• Do your favorite things as you normally would – from walking in the park to frequenting your corner coffee shop and encounter others who enjoy them too.
  • Remember that other seniors are looking for friends, too! Others are just like you, open to meeting new people and eager to build connections and share with others in this life stage. In the same vein, others are also worried about finding companions or being a bother. Don’t be afraid to follow up! Be the one who takes initiative, but don’t be discouraged if making friends isn’t instantaneous. By doing the things you love and engaging with others who do too, you’ll meet the other seniors you want to meet.

2. “I’m afraid of taking risks and being rejected. I’m used to my routine, and I don’t like trying new things. How can I meet other seniors risk-free?”

  •  Try! What’s that adage you always told your kids? “If at first you don’t succeed, try, try again.” After all, you’ll never know if you don’t try.
  • Start small with activities you already enjoy. If putting yourself out there requires too much energy, if it’s too hard to get past that initial barrier, start small. There are certainly ways to meet other seniors without having it be your objective: just do the things you love to do. If others are present and participating, it’s likely that you already share things in common. Strike up a conversation about the activity you’re participating in or the event you’re attending. Better yet, ask a question! Give yourself a small challenge: talk to one person while waiting in line or ask a question of one additional participant at your favorite activity.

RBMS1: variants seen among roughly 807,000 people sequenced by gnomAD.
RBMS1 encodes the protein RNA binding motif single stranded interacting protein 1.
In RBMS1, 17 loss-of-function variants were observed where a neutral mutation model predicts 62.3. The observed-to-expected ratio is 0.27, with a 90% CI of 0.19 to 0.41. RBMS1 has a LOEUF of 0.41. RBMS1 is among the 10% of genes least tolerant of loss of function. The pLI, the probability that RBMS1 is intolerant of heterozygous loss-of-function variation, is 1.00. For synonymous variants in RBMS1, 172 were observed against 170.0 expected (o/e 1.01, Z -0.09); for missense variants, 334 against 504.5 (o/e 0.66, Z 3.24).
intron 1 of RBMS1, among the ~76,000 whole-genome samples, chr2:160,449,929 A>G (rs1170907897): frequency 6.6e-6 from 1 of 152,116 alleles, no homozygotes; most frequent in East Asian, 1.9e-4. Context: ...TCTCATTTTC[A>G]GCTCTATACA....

• Begin in a comfortable, familiar environment. If you start off in environments you’re comfortable in, or perhaps in a new environment with a familiar task or activity, you aren’t losing anything. You’ll enjoy yourself there anyways, but you have everything to gain, simply by engaging, one by one, if need be, with the other folks around you who share your interests. Get out there and give it a try!

3. “When I meet other seniors, I never seem to know what to talk about. How do I start real conversation?”